Both of these geothermal locations illustrate the value of being able to explore over a relatively wide area for a lengthy time period.

Hot springs at the surface a few miles to the south of Mount Spurr’s active crater point to the existence of a subsurface reservoir of hot geothermal water that would be the prime target for geothermal drilling. But where in the subsurface might that reservoir be? - it could lie several miles from the hot springs.

Masterman reviewed the complex geology of the area. In particular, a major fault, the Capps Glacier fault, runs east to west on the south side of Mount Spurr. Following surveying activities, Ormat Nevada, the company that acquired most of the tracts sold in the 2008 lease sale, opted to drill three wells into sedimentary strata below shallow volcanic rocks on the south side of the fault. However, the wells did not encounter any warm or hot rocks or water, Masterman said.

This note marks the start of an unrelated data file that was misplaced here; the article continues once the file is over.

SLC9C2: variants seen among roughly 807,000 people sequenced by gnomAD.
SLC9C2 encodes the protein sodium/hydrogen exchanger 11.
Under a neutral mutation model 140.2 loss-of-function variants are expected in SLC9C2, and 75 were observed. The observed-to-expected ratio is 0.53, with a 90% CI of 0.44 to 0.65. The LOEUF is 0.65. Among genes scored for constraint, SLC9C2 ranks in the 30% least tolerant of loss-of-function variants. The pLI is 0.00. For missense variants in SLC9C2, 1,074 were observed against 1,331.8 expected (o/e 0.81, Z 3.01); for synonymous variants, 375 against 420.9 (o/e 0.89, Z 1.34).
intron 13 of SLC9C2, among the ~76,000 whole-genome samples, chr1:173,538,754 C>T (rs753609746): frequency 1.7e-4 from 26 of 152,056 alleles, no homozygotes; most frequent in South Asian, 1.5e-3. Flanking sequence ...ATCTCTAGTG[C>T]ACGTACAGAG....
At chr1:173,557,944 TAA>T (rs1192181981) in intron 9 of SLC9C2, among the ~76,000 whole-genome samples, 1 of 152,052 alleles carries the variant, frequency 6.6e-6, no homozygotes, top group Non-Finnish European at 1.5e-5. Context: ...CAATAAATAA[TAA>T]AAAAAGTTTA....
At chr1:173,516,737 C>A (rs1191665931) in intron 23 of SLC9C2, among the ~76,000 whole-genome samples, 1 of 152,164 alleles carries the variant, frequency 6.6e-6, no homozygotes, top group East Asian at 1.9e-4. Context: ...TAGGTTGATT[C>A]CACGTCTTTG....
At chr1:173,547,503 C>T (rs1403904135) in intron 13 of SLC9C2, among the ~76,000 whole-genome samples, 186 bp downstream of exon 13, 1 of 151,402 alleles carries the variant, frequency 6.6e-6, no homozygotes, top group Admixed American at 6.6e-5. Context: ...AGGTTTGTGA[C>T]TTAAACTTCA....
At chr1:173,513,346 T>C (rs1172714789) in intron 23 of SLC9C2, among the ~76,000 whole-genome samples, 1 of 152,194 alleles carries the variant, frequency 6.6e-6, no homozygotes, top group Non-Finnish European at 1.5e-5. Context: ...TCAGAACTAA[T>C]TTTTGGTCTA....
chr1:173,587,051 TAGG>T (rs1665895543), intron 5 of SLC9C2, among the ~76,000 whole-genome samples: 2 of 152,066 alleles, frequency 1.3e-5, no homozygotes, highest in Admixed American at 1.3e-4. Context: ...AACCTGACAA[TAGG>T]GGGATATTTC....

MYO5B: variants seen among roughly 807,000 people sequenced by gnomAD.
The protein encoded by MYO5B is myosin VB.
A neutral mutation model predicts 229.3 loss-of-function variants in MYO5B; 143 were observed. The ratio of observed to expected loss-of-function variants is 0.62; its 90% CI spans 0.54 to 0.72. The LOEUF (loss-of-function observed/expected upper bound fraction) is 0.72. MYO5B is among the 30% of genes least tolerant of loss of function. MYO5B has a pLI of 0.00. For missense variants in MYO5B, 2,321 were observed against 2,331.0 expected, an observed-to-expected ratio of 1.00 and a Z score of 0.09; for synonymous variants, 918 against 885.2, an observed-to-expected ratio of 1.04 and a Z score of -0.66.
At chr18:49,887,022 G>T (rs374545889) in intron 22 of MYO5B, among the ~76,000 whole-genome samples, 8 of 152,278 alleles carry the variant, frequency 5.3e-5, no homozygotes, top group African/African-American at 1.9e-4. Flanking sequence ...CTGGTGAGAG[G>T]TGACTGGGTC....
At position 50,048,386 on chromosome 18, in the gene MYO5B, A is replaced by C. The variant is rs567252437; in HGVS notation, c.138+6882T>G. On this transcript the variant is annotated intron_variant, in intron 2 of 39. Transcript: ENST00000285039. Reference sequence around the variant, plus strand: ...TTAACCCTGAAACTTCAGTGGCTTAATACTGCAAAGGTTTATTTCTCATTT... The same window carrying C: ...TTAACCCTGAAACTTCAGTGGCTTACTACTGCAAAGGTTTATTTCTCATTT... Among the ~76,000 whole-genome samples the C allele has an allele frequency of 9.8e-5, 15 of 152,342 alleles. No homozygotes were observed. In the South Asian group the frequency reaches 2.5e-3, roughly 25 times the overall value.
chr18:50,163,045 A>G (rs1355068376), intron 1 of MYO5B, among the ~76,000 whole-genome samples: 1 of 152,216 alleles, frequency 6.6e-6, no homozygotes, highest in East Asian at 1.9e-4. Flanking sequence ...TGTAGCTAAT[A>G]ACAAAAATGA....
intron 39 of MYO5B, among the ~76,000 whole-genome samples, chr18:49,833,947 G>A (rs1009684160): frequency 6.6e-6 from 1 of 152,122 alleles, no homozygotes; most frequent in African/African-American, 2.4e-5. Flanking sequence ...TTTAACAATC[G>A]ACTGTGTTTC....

New explorers in the region, armed with that knowledge, would have to use geology and geophysics to search elsewhere for the elusive geothermal reservoir.

“So they have a difficult task in front of them,” Masterman said. “They have to try to trace the hot water back from the surface exposure to the reservoir, and drill into that reservoir.”

It would take several seasons of geologic mapping and geophysical surveys, to assess where to drill, he said.

Pilgrim Hot Springs